SCOTT SPEH GALLERY
845 W Washington Blvd.
Chicago, IL 60607
( scott at westernexhibitions dot com)
Wednesdays thru Saturdays
11am to 6pm
editions and more
20 to May 19, 2012
| images | press: New
Gallery 2, we are thrilled to present “Moving Holds”,
our first solo show with LILLI CARRÉ.
A "moving hold" is an animation technique that involves
cycling several drawings of a stationary character, giving the
drawn lines a sense of vibration and energy. This allows the
image to have a sense of movement while it is suspended in space
in a holding pattern, making it feel alive while it is still.
For the show Carré has created three different sets of
work that all incorporate moving holds, as an idea, a technique,
or both. The show opens on Friday, April 20, 2012 with
a free public reception from 5 to 8pm and will run through
May 19th, 2012. Gallery hours are Wednesday through Saturday,
11am to 6pm and by appointment.
Carré is attracted to the collision of tragedy
and humor. Working primarily in the mediums of comics and
animation, Carré often depicts tragic moments within
forms mainly known for their lightheartedness, allowing for
a more disarming resonance. By isolating and giving character
to ignored objects and daily moments, or weaving them into
a narrative structure, Carré depicts the absurdity,
despair and humor that these small pieces of everyday life
can illuminate. The works in this show all focus on the human
body in space being broken.
“Everything Must Go” is an animated loop made
from roughly 500 paintings, based frame-by-frame on found
footage of a windsock man blowing in the wind on top of a
shuttered business. The graphic, exaggerated human form dances
awkwardly in space, characterized by both the goofy expression
of extreme joy and the desperation of another failed business,
an alternately ecstatic and beaten-down figure. The figure
is forever flapping in a constant state of catharsis or nervous
breakdown, a flailing body that no longer has a purpose. The
animation is a laborious tribute to this body in the wind,
itself a ridiculous monument to failure.
For “In Suspense”, a hand-drawn animated loop
of a human triangle being alternately composed and let loose,
Carré rotoscoped the first half of a cycle from an
early Lumiere Brother film snippet. The act of tracing and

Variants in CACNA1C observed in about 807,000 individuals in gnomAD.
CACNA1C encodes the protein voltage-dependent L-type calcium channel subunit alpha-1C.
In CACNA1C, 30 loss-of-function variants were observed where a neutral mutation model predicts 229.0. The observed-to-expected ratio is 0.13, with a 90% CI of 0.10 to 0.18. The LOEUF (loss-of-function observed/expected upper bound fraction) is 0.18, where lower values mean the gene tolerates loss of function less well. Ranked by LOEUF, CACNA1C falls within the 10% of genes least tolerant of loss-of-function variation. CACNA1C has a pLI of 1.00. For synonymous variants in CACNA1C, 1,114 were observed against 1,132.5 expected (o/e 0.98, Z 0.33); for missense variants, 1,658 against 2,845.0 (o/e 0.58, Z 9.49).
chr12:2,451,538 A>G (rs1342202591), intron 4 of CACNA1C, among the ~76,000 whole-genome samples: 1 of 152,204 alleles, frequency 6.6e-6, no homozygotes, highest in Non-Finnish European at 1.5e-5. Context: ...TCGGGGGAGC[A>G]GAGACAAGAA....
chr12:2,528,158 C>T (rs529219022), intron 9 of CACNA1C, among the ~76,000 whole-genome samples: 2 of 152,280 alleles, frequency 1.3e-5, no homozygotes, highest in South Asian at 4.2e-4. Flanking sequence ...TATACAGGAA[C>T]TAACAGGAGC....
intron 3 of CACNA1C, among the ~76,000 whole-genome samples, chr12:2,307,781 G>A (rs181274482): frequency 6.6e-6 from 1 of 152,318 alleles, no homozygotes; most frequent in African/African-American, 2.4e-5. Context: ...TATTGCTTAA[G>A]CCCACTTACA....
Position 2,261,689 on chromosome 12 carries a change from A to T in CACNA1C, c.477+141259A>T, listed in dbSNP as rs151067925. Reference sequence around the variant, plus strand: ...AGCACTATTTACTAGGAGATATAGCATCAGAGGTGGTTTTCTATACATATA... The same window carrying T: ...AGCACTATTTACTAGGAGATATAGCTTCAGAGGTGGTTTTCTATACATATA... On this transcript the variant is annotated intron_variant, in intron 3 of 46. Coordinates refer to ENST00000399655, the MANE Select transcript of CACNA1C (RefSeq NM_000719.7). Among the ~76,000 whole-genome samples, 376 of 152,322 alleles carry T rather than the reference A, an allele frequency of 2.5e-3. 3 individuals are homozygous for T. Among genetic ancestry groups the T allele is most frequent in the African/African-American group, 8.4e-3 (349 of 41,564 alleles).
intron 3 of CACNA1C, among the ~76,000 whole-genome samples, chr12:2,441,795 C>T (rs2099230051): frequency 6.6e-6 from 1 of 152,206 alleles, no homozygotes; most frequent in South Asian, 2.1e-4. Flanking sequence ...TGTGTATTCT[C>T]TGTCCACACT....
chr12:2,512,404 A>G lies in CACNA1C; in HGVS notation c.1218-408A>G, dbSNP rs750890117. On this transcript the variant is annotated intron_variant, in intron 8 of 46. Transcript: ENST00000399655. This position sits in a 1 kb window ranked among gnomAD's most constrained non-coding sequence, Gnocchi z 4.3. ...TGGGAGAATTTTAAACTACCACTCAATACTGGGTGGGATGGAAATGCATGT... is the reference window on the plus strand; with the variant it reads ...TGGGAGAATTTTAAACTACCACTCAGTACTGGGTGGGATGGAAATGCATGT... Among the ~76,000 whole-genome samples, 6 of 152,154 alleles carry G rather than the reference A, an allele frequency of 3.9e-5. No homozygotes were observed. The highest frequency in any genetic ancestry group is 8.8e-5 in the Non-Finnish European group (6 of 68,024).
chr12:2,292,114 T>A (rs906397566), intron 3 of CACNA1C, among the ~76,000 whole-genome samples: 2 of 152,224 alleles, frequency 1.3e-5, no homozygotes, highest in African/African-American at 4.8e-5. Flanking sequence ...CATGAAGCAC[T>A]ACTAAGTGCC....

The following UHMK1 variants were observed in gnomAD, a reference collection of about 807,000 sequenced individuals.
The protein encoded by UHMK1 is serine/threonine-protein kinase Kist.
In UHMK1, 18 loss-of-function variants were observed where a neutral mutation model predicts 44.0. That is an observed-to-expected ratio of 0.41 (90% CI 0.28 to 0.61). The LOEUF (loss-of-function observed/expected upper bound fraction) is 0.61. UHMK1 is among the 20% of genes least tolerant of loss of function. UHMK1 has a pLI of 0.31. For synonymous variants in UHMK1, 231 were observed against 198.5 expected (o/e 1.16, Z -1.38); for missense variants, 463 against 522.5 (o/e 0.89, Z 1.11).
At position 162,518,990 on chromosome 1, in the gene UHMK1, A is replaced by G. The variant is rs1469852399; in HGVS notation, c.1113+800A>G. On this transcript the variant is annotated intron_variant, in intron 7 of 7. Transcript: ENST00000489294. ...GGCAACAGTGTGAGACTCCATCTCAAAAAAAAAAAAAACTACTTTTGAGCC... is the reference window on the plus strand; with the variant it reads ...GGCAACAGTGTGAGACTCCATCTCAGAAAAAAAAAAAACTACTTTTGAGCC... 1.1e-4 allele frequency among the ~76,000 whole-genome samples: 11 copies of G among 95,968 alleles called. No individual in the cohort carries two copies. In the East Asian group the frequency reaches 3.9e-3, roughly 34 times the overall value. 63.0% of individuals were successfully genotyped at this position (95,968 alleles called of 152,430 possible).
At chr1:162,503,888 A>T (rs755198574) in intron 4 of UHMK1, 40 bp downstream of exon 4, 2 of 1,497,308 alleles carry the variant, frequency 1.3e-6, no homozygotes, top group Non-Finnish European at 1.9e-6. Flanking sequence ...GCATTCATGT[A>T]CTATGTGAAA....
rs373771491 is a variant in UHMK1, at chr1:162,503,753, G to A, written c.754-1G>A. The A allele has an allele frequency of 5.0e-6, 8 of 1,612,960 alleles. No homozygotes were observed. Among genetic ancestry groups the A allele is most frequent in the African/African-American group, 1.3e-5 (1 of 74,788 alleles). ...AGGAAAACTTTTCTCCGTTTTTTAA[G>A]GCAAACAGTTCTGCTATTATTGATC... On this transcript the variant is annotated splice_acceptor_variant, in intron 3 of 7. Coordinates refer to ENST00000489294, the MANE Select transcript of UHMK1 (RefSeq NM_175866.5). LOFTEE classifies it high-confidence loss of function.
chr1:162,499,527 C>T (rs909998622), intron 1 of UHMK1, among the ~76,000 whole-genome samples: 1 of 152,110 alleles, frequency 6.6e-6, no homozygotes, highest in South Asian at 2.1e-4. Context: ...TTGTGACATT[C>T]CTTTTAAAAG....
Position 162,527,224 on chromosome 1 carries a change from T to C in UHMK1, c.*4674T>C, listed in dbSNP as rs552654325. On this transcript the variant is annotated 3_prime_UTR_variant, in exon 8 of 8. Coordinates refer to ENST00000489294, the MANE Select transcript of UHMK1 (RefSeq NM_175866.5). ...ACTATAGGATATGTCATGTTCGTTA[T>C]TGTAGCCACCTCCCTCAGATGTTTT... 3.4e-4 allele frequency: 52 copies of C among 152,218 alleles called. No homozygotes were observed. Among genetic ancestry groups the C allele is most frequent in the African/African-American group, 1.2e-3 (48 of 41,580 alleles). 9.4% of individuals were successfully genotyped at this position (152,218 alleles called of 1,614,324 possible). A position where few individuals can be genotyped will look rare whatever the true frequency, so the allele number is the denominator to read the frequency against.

retracing the bodies allowed the forms to become more distinctly
geometric and abstract. The figures rebuild themselves into
an acrobatic pose of carefully balanced human towers, and
then break down into wandering basic shapes, and the loop
begins again, the towers re-form, break down and repeat, again
Carré’s new series of large ink wash drawings,
“The Meteorites”, depict balled masses of what
resembles calcified remains, space junk clusters or what may
be found at the bottom of a purse or well, collected and re-solidified
into a new mass. Each meteorite represents the decay and reformation
of a person and all their things. Some parts of the body are
geometrically abstracted and broken down, while other more
trivial objects like high heels, coins and old house plants
remain perfectly intact. Carré thinks of theses masses
as meteorites, dead and lifeless yet flying fast through space
with eventual impact.
Lilli Carré is an interdisciplinary
artist currently living in Chicago, and primarily works in
the forms of experimental animation, film, and comics. Her
animated films have been shown in festivals throughout the
US and abroad, including the Sundance Film Festival, and she
is the co-founder of the Eyeworks Festival of Experimental
Animation. Her books of comics are The Lagoon, Nine
Ways to Disappear, Tales of Woodsman Pete, and
the forthcoming collection Heads or Tails. Her work
has appeared in The Believer Magazine, the New
Yorker, The New York Times, Best American
Comics and Best American Nonrequired Reading.
This summer she will be working on a new collaborative animated
piece as a resident at Yaddo.
ink on paper
from "In Suspense"
from "In Suspense"